22 Chambers Street, Suite 201
Princeton, N.J. 08542
Tel (609) 258-3601
Fax (609) 258-1301

Primary Media Contact:
Cass Cliatt
Director of Media Relations
(609) 258-6108

Copyright © Princeton University

If you have a comment, please Contact us.

Issuers of news releases, not 7th Wave, Inc. or Nanotechnology Now, are solely responsible for the accuracy of the content.

Bookmark:
Delicious Digg Newsvine Google Yahoo Reddit Magnoliacom Furl Facebook

Related News Press

News and information

Oxford Instruments and Dresden High Magnetic Field Laboratory collaborate to develop HTS magnet technology components for high field superconducting magnet systems June 29th, 2016

Texas A&M Chemist Says Trapped Electrons To Blame For Lack Of Battery Efficiency: Forget mousetraps — today’s scientists will get the cheese if they manage to build a better battery June 28th, 2016

Building a smart cardiac patch: 'Bionic' cardiac patch could one day monitor and respond to cardiac problems June 28th, 2016

New, better way to build circuits for world's first useful quantum computers June 28th, 2016

Govt.-Legislation/Regulation/Funding/Policy

Nanoscientists develop the 'ultimate discovery tool': Rapid discovery power is similar to what gene chips offer biology June 25th, 2016

Ultrathin, flat lens resolves chirality and color: Multifunctional lens could replace bulky, expensive machines June 25th, 2016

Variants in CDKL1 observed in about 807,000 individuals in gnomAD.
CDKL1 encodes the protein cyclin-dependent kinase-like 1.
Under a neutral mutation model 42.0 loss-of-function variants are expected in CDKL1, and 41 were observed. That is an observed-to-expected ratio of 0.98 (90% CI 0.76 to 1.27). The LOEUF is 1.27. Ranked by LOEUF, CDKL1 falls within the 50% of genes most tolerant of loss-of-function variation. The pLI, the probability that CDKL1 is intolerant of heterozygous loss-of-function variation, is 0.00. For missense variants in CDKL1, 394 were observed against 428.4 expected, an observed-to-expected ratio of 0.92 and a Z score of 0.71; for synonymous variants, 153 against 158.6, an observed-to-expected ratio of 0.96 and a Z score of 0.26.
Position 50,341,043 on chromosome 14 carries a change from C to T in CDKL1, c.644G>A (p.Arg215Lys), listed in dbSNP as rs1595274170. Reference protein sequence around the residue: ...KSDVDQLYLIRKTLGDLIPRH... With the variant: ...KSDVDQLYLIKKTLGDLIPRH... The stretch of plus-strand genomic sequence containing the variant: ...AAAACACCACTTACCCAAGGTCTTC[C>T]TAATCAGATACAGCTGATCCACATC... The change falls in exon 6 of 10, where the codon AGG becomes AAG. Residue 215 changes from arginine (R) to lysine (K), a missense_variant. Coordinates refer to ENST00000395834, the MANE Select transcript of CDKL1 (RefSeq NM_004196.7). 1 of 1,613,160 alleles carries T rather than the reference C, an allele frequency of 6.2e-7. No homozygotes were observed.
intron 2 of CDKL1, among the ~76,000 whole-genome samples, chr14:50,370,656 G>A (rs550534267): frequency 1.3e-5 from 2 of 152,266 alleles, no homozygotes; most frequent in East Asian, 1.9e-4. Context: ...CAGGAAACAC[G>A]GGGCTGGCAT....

Particle zoo in a quantum computer: First experimental quantum simulation of particle physics phenomena June 23rd, 2016

Titan shines light on high-temperature superconductor pathway: Simulation demonstrates how superconductivity arises in cuprates' pseudogap phase June 22nd, 2016

Possible Futures

Texas A&M Chemist Says Trapped Electrons To Blame For Lack Of Battery Efficiency: Forget mousetraps — today’s scientists will get the cheese if they manage to build a better battery June 28th, 2016

Building a smart cardiac patch: 'Bionic' cardiac patch could one day monitor and respond to cardiac problems June 28th, 2016

New, better way to build circuits for world's first useful quantum computers June 28th, 2016

Yale researchers’ technology turns wasted heat into power June 27th, 2016

Spintronics

CWRU physicists deploy magnetic vortex to control electron spin: Potential technology for quantum computing, keener sensors June 21st, 2016

Spintronics: Resetting the future of heat assisted magnetic recording June 15th, 2016

Spintronics development gets boost with new findings into ferromagnetism in Mn-doped GaAs June 7th, 2016

Gigantic ultrafast spin currents: Scientists from TU Wien (Vienna) are proposing a new method for creating extremely strong spin currents. They are essential for spintronics, a technology that could replace today's electronics May 25th, 2016